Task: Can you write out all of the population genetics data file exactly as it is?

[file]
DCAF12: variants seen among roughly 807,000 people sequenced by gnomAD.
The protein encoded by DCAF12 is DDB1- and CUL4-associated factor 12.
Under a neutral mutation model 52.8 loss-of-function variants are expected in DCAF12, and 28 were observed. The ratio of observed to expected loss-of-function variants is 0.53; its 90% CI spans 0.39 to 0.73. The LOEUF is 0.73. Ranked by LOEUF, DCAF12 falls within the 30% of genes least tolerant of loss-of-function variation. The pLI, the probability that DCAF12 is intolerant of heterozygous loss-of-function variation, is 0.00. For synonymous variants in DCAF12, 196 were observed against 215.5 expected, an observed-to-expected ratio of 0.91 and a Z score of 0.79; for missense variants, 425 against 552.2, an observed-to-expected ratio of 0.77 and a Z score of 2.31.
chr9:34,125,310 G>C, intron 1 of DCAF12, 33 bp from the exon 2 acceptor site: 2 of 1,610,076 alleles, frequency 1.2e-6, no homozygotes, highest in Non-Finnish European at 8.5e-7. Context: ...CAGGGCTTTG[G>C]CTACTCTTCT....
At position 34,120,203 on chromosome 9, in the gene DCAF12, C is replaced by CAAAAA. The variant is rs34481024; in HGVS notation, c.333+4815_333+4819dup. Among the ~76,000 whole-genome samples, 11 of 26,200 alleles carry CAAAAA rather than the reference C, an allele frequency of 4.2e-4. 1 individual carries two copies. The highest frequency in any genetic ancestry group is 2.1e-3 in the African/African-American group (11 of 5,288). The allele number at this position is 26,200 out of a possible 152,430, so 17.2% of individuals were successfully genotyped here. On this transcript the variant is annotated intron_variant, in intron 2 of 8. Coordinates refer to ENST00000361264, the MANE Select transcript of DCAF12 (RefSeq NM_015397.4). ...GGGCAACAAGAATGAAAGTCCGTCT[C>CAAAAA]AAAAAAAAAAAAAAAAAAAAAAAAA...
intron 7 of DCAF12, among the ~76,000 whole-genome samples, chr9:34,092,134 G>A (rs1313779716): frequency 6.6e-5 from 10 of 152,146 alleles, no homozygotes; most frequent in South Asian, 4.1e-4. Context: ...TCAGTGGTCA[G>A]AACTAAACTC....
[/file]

DCAF12: variants seen among roughly 807,000 people sequenced by gnomAD.
The protein encoded by DCAF12 is DDB1- and CUL4-associated factor 12.
Under a neutral mutation model 52.8 loss-of-function variants are expected in DCAF12, and 28 were observed. The ratio of observed to expected loss-of-function variants is 0.53; its 90% CI spans 0.39 to 0.73. The LOEUF is 0.73. Ranked by LOEUF, DCAF12 falls within the 30% of genes least tolerant of loss-of-function variation. The pLI, the probability that DCAF12 is intolerant of heterozygous loss-of-function variation, is 0.00. For synonymous variants in DCAF12, 196 were observed against 215.5 expected, an observed-to-expected ratio of 0.91 and a Z score of 0.79; for missense variants, 425 against 552.2, an observed-to-expected ratio of 0.77 and a Z score of 2.31.
chr9:34,125,310 G>C, intron 1 of DCAF12, 33 bp from the exon 2 acceptor site: 2 of 1,610,076 alleles, frequency 1.2e-6, no homozygotes, highest in Non-Finnish European at 8.5e-7. Context: ...CAGGGCTTTG[G>C]CTACTCTTCT....
At position 34,120,203 on chromosome 9, in the gene DCAF12, C is replaced by CAAAAA. The variant is rs34481024; in HGVS notation, c.333+4815_333+4819dup. Among the ~76,000 whole-genome samples, 11 of 26,200 alleles carry CAAAAA rather than the reference C, an allele frequency of 4.2e-4. 1 individual carries two copies. The highest frequency in any genetic ancestry group is 2.1e-3 in the African/African-American group (11 of 5,288). The allele number at this position is 26,200 out of a possible 152,430, so 17.2% of individuals were successfully genotyped here. On this transcript the variant is annotated intron_variant, in intron 2 of 8. Coordinates refer to ENST00000361264, the MANE Select transcript of DCAF12 (RefSeq NM_015397.4). ...GGGCAACAAGAATGAAAGTCCGTCT[C>CAAAAA]AAAAAAAAAAAAAAAAAAAAAAAAA...
intron 7 of DCAF12, among the ~76,000 whole-genome samples, chr9:34,092,134 G>A (rs1313779716): frequency 6.6e-5 from 10 of 152,146 alleles, no homozygotes; most frequent in South Asian, 4.1e-4. Context: ...TCAGTGGTCA[G>A]AACTAAACTC....